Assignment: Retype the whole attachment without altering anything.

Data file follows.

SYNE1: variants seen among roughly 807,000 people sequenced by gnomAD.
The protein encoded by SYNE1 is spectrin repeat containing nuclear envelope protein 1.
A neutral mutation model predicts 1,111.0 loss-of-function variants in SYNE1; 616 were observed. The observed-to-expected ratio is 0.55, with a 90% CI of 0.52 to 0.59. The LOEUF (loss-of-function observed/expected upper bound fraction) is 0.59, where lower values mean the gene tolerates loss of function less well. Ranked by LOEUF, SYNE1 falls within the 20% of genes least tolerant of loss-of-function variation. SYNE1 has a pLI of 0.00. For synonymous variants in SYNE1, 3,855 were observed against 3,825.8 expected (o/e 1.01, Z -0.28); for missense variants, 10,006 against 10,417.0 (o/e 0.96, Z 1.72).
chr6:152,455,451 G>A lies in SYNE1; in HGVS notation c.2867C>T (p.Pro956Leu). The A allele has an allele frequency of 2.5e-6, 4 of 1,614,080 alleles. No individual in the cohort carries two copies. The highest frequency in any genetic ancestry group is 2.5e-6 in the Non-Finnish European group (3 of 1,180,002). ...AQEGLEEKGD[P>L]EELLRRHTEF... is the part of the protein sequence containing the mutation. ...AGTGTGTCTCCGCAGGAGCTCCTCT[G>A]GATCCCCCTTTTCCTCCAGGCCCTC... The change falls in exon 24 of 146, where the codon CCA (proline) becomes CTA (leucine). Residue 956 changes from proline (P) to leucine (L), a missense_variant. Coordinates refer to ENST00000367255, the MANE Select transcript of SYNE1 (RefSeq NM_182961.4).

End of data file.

SYNE1: variants seen among roughly 807,000 people sequenced by gnomAD.
The protein encoded by SYNE1 is spectrin repeat containing nuclear envelope protein 1.
A neutral mutation model predicts 1,111.0 loss-of-function variants in SYNE1; 616 were observed. The observed-to-expected ratio is 0.55, with a 90% CI of 0.52 to 0.59. The LOEUF (loss-of-function observed/expected upper bound fraction) is 0.59, where lower values mean the gene tolerates loss of function less well. Ranked by LOEUF, SYNE1 falls within the 20% of genes least tolerant of loss-of-function variation. SYNE1 has a pLI of 0.00. For synonymous variants in SYNE1, 3,855 were observed against 3,825.8 expected (o/e 1.01, Z -0.28); for missense variants, 10,006 against 10,417.0 (o/e 0.96, Z 1.72).
chr6:152,455,451 G>A lies in SYNE1; in HGVS notation c.2867C>T (p.Pro956Leu). The A allele has an allele frequency of 2.5e-6, 4 of 1,614,080 alleles. No individual in the cohort carries two copies. The highest frequency in any genetic ancestry group is 2.5e-6 in the Non-Finnish European group (3 of 1,180,002). ...AQEGLEEKGD[P>L]EELLRRHTEF... is the part of the protein sequence containing the mutation. ...AGTGTGTCTCCGCAGGAGCTCCTCT[G>A]GATCCCCCTTTTCCTCCAGGCCCTC... The change falls in exon 24 of 146, where the codon CCA (proline) becomes CTA (leucine). Residue 956 changes from proline (P) to leucine (L), a missense_variant. Coordinates refer to ENST00000367255, the MANE Select transcript of SYNE1 (RefSeq NM_182961.4).